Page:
International Security & Defense

446 Items

A passenger reads a newspaper with headline of a planned summit meeting between North Korean leader Kim Jong Un and U.S. President Donald Trump


Analysis & Opinions - Foreign Policy

Give North Korea All the Prestige It Wants

| Mar. 15, 2018

And that is the real danger lurking behind a Trump-Kim summit (assuming, of course, it ever takes place). Having already given Kim a significant propaganda coup — no matter how much Trump's staff tries to deny it — the president will be under enormous pressure to come away with an agreement that makes the gamble seem worth it.

U.S. Ambassador to Mexico, Roberta Jacobson


Analysis & Opinions - Foreign Policy

The State Department Needs Rehab

| Mar. 05, 2018

It is hard to be optimistic about the current state of U.S. foreign policy. The United States is still trying to manage an impossible array of international problems, still engaged in several endless wars, largely bereft of a clear and compelling strategy, and under the leadership of the least competent president in modern memory. Yet the present crisis of American diplomacy is also an opportunity to design a new set of diplomatic institutions, build a broader consensus on the value of diplomacy itself.

Iranian conservative lawmaker Bijan Nobaveh Vatan holds up a paper with writing in Persian reading, "Opponent of the JCPOA"


Journal Article - Nonproliferation Review

Negotiating the "Iran Talks" in Tehran: The Iranian Drivers that Shaped the Joint Comprehensive Plan of Action

| Forthcoming

When Iran and the world powers resumed negotiations over Tehran's controversial nuclear program after a seven-year lull, Iran's hardline President Mahmoud Ahmadinejad was approaching the end of his second and last term. During that time, little progress was made. After the election of the moderate Hassan Rouhani to the presidency, the talks resumed decisively. Rouhani and his team were in an ideal position to strike a deal, as they were afforded cross-party support supplying them with political will and political capital.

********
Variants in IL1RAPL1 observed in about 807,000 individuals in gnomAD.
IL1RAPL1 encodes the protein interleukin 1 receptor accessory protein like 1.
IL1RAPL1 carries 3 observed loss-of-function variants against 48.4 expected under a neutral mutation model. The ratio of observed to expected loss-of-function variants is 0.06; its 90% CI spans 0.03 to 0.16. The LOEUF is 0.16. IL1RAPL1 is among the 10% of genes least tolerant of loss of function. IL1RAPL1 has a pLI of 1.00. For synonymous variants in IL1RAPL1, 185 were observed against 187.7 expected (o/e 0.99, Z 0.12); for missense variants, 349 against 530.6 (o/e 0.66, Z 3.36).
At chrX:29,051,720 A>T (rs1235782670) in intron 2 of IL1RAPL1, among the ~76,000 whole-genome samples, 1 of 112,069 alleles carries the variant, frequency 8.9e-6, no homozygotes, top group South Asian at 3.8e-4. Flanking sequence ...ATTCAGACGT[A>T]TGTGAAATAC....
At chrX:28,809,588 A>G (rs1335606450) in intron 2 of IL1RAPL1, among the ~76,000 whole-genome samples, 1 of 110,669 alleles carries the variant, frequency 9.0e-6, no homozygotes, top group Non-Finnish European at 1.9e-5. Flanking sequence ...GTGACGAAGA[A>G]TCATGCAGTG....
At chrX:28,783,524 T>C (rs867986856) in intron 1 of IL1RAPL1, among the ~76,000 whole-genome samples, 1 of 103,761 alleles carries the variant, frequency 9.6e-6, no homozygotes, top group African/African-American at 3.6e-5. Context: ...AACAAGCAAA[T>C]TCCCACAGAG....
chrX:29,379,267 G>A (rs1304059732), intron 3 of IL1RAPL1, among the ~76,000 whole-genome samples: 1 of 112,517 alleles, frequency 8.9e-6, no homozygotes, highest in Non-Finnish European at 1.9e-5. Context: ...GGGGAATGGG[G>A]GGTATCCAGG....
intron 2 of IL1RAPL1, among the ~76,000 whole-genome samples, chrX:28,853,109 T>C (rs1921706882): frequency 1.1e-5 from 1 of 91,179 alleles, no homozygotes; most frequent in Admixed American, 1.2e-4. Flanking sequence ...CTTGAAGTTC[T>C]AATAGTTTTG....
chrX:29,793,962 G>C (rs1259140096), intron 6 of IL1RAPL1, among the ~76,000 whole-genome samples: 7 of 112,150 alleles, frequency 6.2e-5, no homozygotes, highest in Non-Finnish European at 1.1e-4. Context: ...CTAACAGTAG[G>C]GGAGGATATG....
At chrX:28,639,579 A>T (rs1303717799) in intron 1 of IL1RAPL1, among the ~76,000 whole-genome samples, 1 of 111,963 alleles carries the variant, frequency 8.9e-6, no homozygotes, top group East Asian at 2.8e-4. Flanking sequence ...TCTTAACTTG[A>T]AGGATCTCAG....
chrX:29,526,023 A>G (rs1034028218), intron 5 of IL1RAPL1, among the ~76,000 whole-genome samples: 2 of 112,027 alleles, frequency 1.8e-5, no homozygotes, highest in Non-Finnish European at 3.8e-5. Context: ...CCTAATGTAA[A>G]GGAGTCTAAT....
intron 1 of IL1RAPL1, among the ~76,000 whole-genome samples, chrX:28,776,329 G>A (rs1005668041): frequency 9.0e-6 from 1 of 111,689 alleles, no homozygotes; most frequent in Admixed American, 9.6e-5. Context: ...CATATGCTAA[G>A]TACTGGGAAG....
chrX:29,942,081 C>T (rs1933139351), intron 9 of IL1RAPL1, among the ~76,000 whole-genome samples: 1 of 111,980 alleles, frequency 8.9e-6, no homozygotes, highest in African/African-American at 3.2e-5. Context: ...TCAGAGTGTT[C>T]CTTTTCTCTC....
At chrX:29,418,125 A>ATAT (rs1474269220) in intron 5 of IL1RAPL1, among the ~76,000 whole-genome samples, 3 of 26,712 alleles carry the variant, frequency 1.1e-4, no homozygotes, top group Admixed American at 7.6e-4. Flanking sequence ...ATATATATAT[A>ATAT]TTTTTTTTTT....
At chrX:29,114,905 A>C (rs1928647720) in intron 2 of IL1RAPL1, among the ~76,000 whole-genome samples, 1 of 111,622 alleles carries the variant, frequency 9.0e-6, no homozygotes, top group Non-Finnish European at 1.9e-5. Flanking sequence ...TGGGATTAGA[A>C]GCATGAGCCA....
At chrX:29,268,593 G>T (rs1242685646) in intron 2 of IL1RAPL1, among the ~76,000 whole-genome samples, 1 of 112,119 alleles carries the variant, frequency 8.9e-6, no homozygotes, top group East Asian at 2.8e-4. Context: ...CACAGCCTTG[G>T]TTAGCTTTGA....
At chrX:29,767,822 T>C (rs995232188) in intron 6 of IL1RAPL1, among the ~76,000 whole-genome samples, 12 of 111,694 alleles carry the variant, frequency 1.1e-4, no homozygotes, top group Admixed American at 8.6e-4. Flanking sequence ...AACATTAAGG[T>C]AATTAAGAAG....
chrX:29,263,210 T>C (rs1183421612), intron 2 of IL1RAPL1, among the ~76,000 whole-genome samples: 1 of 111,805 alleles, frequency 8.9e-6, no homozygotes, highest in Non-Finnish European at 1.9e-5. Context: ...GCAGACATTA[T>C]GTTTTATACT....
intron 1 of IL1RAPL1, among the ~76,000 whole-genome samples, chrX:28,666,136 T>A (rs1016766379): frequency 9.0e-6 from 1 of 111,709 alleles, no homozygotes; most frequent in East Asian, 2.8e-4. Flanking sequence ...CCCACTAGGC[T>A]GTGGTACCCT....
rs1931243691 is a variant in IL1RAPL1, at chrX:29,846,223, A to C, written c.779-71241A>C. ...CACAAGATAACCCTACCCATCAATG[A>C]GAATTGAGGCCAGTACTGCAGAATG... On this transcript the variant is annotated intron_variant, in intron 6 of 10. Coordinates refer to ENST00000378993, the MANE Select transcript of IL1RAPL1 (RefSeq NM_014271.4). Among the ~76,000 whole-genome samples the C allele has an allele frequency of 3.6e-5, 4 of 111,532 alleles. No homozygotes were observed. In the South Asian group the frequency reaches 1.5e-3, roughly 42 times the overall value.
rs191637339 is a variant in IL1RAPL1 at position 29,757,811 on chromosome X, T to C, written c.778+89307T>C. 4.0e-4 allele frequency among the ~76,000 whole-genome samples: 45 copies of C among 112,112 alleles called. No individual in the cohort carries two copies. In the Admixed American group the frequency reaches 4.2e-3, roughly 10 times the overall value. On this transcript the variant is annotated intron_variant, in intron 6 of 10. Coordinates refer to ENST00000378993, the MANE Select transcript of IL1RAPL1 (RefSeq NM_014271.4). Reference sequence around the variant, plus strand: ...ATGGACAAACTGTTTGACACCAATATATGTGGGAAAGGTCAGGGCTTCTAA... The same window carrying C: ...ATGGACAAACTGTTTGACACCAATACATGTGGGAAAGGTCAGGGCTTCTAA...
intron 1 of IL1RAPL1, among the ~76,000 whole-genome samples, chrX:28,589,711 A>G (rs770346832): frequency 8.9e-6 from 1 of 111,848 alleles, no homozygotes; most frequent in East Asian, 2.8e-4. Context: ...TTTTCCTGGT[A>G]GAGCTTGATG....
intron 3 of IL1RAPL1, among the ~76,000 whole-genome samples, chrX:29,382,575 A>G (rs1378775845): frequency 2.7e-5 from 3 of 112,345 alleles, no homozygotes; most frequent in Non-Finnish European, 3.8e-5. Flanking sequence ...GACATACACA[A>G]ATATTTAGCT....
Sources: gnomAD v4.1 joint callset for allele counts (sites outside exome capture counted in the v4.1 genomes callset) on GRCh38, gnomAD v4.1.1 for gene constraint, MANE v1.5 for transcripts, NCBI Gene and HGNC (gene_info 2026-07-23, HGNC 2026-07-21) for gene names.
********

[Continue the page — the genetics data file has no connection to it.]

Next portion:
Donald Trump recognizes Jerusalem as capital of Israel


Analysis & Opinions - CNBC

This is a Deeply Unwise Decision: Former NATO Ambassador on Jerusalem Recognition

| Dec. 06, 2017

Nick Burns, Harvard Kennedy School professor & former under secretary of State for political affairs, and Sarah Stern, Endowment for Middle East Truth president, discuss President Trump's decision to move the U.S. Embassy to Jerusalem and officially recognize Jerusalem as the capital. Nicholas Burns, who served as U.S. ambassador to NATO and was the State Department's third-ranking official during George W. Bush's presidency, called the decision to recognize Jerusalem as the capital "deeply unwise."

Iranian demonstrators attend an annual gathering in front of the former U.S. Embassy


Analysis & Opinions - The National Interest

Trump Should Avoid Believing the Myths of the JCPOA

| Nov. 21, 2017

"We should remember that the JCPOA, by design, was not a treaty or a deal to guarantee security for all, and for all time; it is not war settlement or a border agreement. Rather it is a delicate and detailed technical agreement. In fact, one of the main purposes of this agreement was to allow all parties the opportunity to build mutual trust and enhance dialogue, so that when necessary, new (or old) worries and concerns could be negotiated, leading to potential additional agreements in the future. The theory underlying the JCPOA is incrementalism."

Vladimir Putin and Donald Trump meet at the 2017 G-20 Hamburg Summit, July 7, 2017.

Analysis & Opinions - Bloomberg View

The One Big Problem With New Russia Sanctions

| Aug. 10, 2017

The latest round of congressional sanctions against Russia garnered much attention for the message they sent to President Donald Trump: We don’t trust you to decide when to lift or ease sanctions on Moscow. True, it was an important signal to the American people, the president and the rest of the world that nearly all of America’s legislators felt Russia had to pay a price interfering in the 2016 U.S. presidential elections.

But there were two other important messages embedded in the sanctions bill that are equally interesting and consequential.

Presidents Trump and Xi shake hands.

(AP Photo/Alex Brandon)

Magazine Article - The National Interest

How America and China Could Stumble to War

| Apr. 12, 2017

WAR BETWEEN the United States and China is not inevitable, writes Graham Allison, "but it is certainly possible. Indeed, as these scenarios illustrate, the underlying stress created by China’s disruptive rise creates conditions in which accidental, otherwise inconsequential events could trigger a large-scale conflict. That outcome is not preordained: out of the sixteen cases of Thucydides’s Trap over the last five hundred years, war was averted four times. But avoiding war will require statecraft as subtle as that of the British in dealing with a rising America a century ago, or the wise men that crafted a Cold War strategy to meet the Soviet Union’s surge without bombs or bullets. Whether Chinese and American leaders can rise to this challenge is an open question. What is certain is that the fate of the world rests upon the answer."